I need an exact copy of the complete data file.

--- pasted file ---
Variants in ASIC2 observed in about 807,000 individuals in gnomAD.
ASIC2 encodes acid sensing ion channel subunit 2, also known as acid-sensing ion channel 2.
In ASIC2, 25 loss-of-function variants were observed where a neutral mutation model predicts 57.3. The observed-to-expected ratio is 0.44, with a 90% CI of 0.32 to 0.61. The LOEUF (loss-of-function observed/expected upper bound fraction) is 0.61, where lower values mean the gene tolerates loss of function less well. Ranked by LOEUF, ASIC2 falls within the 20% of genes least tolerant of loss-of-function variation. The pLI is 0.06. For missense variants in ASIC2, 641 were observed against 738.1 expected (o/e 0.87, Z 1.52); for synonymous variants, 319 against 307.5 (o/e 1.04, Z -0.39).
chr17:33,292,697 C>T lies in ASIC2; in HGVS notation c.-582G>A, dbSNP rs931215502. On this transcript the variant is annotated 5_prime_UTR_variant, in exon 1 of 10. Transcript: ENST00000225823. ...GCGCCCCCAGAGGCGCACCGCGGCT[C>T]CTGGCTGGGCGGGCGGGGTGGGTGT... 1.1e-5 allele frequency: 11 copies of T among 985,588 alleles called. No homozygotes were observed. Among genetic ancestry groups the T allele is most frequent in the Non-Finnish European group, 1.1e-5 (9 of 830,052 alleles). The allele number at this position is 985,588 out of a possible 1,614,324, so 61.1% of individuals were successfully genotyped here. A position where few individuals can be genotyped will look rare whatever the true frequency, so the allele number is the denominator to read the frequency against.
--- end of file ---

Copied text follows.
Variants in ASIC2 observed in about 807,000 individuals in gnomAD.
ASIC2 encodes acid sensing ion channel subunit 2, also known as acid-sensing ion channel 2.
In ASIC2, 25 loss-of-function variants were observed where a neutral mutation model predicts 57.3. The observed-to-expected ratio is 0.44, with a 90% CI of 0.32 to 0.61. The LOEUF (loss-of-function observed/expected upper bound fraction) is 0.61, where lower values mean the gene tolerates loss of function less well. Ranked by LOEUF, ASIC2 falls within the 20% of genes least tolerant of loss-of-function variation. The pLI is 0.06. For missense variants in ASIC2, 641 were observed against 738.1 expected (o/e 0.87, Z 1.52); for synonymous variants, 319 against 307.5 (o/e 1.04, Z -0.39).
chr17:33,292,697 C>T lies in ASIC2; in HGVS notation c.-582G>A, dbSNP rs931215502. On this transcript the variant is annotated 5_prime_UTR_variant, in exon 1 of 10. Transcript: ENST00000225823. ...GCGCCCCCAGAGGCGCACCGCGGCT[C>T]CTGGCTGGGCGGGCGGGGTGGGTGT... 1.1e-5 allele frequency: 11 copies of T among 985,588 alleles called. No homozygotes were observed. Among genetic ancestry groups the T allele is most frequent in the Non-Finnish European group, 1.1e-5 (9 of 830,052 alleles). The allele number at this position is 985,588 out of a possible 1,614,324, so 61.1% of individuals were successfully genotyped here. A position where few individuals can be genotyped will look rare whatever the true frequency, so the allele number is the denominator to read the frequency against.